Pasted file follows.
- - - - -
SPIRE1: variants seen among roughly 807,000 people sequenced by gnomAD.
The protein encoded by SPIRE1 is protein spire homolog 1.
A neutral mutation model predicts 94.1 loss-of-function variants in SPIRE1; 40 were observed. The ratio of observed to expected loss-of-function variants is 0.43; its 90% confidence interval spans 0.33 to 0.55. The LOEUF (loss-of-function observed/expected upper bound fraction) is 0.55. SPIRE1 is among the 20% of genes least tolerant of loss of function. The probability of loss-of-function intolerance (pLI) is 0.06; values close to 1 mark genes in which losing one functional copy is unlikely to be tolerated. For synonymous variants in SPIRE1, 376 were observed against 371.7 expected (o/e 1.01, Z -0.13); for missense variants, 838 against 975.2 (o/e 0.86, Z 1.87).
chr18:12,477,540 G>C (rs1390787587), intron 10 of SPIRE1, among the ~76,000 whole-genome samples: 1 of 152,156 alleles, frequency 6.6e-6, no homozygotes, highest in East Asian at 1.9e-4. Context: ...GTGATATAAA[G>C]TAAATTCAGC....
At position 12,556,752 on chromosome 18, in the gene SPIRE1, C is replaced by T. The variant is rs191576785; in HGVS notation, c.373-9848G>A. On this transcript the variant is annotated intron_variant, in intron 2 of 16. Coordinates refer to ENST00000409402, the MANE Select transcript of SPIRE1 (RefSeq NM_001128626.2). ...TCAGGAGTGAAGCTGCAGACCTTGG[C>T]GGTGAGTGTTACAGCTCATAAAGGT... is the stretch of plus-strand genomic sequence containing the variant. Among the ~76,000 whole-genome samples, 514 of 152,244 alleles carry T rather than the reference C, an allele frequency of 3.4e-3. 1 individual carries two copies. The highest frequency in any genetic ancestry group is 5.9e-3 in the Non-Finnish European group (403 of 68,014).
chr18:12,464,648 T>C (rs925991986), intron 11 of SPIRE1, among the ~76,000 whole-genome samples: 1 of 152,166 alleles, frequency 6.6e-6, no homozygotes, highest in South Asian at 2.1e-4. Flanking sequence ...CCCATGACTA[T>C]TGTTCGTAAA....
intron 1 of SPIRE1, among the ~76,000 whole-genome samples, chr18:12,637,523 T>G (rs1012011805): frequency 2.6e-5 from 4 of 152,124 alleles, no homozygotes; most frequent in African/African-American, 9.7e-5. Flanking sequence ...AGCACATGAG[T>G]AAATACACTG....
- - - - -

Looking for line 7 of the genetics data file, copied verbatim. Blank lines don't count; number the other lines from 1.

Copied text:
intron 1 of SPIRE1, among the ~76,000 whole-genome samples, chr18:12,637,523 T>G (rs1012011805): frequency 2.6e-5 from 4 of 152,124 alleles, no homozygotes; most frequent in African/African-American, 9.7e-5. Flanking sequence ...AGCACATGAG[T>G]AAATACACTG....